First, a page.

Detroit joined the top ten list for metropolitan regions with the most energy-efficient buildings for the first time in 2010, according to the
Environmental Protection Agency's third-annual Energy Star report card
Helping to shed our rustbelt image for greenbelt attractiveness, former governor Jennifer Granholm's policy of boosting energy-efficiency in state-owned buildings and encouraging K-12 schools to do likewise pushed us onto the list.
Energy Star certified buildings use 35 percent less energy and emit 35 percent less carbon dioxide than average buildings. To earn the Energy Star designation, buildings must out-perform 25 percent of buildings nationwide.Excerpt:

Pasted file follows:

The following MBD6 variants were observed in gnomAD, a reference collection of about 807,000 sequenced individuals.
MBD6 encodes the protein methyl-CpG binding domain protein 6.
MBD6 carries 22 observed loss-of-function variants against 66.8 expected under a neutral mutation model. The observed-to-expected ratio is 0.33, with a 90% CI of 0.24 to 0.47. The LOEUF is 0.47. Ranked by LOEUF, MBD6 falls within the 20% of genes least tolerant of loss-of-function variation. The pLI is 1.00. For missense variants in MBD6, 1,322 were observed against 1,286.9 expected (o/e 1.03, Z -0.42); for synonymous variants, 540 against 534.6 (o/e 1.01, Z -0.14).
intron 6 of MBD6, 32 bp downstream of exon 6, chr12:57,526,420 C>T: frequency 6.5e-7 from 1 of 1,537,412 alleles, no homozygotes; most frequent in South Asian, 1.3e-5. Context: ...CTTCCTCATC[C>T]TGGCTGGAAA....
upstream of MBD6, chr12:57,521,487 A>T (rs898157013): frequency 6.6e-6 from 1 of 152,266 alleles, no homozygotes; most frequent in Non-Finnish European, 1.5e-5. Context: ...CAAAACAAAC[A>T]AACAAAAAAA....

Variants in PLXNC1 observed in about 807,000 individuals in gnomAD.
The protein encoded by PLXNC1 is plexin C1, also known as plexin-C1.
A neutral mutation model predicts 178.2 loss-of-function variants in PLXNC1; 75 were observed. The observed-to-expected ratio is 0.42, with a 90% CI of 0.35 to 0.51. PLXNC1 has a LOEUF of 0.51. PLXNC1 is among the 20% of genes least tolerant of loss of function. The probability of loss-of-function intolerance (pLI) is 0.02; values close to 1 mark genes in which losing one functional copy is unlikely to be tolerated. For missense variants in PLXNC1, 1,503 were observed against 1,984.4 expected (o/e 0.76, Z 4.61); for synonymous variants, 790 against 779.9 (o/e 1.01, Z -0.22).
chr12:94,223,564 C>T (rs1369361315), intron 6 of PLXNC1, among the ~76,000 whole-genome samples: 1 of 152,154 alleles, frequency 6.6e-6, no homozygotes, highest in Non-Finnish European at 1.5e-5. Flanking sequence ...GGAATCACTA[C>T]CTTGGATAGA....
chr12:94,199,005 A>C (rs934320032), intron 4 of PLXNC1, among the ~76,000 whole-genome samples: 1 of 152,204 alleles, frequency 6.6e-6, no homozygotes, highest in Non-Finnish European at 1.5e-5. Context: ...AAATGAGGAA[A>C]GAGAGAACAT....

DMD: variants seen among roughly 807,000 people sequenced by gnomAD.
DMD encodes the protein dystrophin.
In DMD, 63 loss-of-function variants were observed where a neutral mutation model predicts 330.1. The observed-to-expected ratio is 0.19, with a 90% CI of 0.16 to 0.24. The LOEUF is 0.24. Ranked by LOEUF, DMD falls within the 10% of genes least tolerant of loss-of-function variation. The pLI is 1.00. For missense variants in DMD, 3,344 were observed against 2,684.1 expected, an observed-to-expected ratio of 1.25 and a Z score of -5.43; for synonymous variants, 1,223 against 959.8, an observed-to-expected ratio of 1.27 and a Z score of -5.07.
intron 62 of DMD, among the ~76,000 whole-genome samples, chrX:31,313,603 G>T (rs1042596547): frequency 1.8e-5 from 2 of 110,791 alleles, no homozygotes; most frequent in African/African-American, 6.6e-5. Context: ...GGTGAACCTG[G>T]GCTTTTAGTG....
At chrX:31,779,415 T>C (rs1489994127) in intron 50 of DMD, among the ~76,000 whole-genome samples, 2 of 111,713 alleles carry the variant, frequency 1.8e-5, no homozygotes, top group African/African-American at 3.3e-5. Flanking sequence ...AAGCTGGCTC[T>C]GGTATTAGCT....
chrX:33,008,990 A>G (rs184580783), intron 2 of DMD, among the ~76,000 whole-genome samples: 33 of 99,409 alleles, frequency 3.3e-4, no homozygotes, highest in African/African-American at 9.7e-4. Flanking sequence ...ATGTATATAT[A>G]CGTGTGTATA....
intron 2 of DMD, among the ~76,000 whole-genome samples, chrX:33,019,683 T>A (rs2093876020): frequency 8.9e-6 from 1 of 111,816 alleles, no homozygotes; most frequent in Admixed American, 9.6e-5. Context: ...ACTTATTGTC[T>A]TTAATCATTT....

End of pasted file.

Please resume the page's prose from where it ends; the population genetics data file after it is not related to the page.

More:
"Total, the EPA estimates Metro Detroit's green buildings combined to save an estimated $18.7 million in energy costs and prevented greenhouse gas emissions equivalent to the amount produced by 17,400 homes.
Those figures were up across the board in Metro Detroit, where only 62 buildings qualified for the EPA designation in 2010."
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